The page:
Hoop Scoop

For San Antonio, hosting the Final Four should be an economic slam dunk.

THE SHOT CLOCK is almost down to zero. On March 28 and 30, the NCAA Men’s Final Four will roll into San Antonio and onto the hardwood floor of the Alamodome. For basketball fans, the competition will be awesome, baby—but for the Alamo City, hosting the nation’s top amateur sporting event means high-profile publicity and a tourism windfall. You can almost hear the cash registers ringing.

The Final Four has been to Texas only twice in its 59-year history: Houston played host in 1971, and Dallas did so in 1986. But neither city seemed as well suited—or as psyched up—as San Antonio. “We hosted the Junior Olympics in 1989, the Olympic Festival in ’93, and the National Senior Olympics in ’95,” says Sandra Lopez, the director of the Local Organizing Committee (LOC), which is responsible for coordinating the event. “Now we have the crown jewel.” And what a jewel it is: The Final Four will attract more than 36,000 visitors who’ll spend an estimated $14 million. The city will incur some costs of course—for facilities, staffing, and the like—but “they will be much less than what we expect to bring in,” says San Antonio mayor Howard Peak. And the LOC has worked to keep those costs down: Its $1 million—plus budget, for instance, was raised from private donations. Meanwhile, PR is practically gratis. “Most of the promoting is being done by others: the NCAA, the sports organizations, and of course, the media,” Peak says.

The importance of exposure shouldn’t be understated, the mayor stresses. “I appreciate an event like this a lot more for its overall value to the city,” he says. “Not just from the people who are here for the games and take the message back, but also from the television shots of San Antonio.” (Last year the national championship was watched by more than 50 million people.) Bobby Thompson, the athletic director at the University of Texas at San Antonio, agrees. As the host institution, UTSA is responsible for running the practices, managing the training rooms, and operating the scoreboards—in short, handling everything that is necessary. “This is like the Super Bowl,” he says. “Because we’re a young university, most people don’t know that the University of Texas has a branch in San Antonio. This publicity is a major boon for the school.”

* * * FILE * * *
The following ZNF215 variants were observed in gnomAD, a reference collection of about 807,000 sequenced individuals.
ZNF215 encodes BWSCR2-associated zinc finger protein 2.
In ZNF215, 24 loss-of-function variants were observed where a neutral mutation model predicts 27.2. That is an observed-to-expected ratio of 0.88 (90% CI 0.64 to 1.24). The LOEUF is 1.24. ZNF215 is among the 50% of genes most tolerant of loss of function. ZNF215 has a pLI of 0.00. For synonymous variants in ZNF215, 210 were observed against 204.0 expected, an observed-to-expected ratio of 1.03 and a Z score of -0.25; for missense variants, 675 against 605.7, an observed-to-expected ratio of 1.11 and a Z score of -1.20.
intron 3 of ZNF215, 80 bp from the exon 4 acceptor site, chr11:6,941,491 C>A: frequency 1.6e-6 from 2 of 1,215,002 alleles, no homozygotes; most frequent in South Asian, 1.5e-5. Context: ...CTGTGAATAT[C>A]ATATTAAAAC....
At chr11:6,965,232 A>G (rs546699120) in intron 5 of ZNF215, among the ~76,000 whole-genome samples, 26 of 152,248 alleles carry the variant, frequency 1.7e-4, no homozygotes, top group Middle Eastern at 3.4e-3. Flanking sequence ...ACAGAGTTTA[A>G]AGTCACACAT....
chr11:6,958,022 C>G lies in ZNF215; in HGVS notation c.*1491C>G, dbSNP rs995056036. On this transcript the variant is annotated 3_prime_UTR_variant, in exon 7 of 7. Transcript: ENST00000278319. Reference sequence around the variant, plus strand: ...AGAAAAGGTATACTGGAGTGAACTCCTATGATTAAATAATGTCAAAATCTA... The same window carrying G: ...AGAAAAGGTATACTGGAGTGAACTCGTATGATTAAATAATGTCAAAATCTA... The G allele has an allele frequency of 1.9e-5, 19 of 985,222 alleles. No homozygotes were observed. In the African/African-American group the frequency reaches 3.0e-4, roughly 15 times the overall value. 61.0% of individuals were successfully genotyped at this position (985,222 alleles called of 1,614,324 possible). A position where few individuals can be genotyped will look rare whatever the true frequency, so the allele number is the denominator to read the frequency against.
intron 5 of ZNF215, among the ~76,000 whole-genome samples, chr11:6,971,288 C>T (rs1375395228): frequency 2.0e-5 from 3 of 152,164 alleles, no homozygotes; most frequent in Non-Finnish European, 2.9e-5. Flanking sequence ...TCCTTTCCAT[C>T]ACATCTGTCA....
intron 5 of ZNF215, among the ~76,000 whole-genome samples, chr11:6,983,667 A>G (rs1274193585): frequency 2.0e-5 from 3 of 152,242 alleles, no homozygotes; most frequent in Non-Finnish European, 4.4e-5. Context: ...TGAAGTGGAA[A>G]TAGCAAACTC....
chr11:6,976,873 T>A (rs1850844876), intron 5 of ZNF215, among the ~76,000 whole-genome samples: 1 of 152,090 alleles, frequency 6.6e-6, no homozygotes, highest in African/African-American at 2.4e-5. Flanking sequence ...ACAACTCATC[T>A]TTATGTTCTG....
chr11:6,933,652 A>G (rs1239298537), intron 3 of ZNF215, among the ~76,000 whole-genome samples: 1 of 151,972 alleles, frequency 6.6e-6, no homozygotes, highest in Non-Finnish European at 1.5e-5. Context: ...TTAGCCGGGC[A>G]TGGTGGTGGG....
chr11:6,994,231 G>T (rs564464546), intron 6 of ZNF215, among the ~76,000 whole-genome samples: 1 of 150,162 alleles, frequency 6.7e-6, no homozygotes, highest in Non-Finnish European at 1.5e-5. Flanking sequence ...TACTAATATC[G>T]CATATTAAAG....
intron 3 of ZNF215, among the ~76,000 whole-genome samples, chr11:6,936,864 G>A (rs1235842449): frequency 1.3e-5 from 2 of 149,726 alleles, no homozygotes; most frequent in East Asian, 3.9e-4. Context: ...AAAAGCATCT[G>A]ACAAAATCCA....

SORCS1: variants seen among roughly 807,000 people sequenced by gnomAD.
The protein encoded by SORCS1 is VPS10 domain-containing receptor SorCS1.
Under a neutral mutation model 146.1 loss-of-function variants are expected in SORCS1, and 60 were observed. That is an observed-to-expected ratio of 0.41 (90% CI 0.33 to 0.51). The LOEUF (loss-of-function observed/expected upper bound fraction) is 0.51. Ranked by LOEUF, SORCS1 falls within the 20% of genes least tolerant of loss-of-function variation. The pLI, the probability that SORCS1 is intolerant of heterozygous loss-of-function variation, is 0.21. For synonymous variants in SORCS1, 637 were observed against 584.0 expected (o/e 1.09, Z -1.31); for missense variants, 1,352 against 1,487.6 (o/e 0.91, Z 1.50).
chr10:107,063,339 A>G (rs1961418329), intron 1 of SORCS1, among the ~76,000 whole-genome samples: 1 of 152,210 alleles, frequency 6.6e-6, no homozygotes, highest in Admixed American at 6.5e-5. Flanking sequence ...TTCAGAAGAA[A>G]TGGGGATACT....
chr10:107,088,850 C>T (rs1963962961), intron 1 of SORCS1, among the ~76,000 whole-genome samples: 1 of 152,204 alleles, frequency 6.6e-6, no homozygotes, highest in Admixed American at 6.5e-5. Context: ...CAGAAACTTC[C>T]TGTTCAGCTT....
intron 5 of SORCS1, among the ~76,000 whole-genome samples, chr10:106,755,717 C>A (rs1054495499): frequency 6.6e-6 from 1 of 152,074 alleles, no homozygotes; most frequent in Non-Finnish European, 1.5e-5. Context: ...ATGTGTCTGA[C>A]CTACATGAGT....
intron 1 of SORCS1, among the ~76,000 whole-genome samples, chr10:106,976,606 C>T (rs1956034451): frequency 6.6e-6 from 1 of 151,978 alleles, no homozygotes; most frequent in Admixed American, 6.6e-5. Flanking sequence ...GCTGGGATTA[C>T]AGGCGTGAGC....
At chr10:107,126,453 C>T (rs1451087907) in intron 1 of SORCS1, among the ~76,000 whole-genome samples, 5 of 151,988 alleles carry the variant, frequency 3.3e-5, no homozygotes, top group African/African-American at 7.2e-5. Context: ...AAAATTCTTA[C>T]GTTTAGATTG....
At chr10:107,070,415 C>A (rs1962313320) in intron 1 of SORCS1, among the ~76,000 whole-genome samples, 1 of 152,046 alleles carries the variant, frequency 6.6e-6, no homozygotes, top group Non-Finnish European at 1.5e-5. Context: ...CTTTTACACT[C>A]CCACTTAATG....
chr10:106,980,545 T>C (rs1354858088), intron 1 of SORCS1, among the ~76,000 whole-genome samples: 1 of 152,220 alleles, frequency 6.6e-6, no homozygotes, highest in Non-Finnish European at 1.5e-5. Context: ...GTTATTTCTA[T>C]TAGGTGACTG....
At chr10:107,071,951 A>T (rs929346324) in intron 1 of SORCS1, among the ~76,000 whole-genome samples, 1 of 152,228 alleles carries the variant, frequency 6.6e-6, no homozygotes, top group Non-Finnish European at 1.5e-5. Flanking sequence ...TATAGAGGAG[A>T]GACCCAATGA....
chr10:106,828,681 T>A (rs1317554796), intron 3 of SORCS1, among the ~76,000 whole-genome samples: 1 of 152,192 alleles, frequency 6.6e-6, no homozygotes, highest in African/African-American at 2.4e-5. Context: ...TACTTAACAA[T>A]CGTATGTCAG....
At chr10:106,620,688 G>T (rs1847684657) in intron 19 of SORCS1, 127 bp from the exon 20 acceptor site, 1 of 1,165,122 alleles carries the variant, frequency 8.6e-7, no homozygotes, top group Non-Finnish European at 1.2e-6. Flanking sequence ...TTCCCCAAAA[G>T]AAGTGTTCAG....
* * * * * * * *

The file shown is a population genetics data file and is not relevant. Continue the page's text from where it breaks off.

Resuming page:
About the only downside city officials foresee is overcrowding, though Peak says he’s got even that covered. “Large events aren’t new to us. We know how to deal with traffic and scalping, and we will have police officers on the streets looking for illegal activity. It’s certainly something above and beyond a normal weekend, but it’s not something we haven’t experienced before.” The mayor’s confidence is borne out by San Antonio’s future plans: the NCAA’s Midwest Regionals are scheduled for 2001, and the Women’s Final Four will follow in 2002. And even before the first jump ball, the city is already looking ahead to another Men’s Final Four. San Antonio is one of five finalists bidding for 2003 or 2004. Peak will know in June if he should prepare for a repeat performance.

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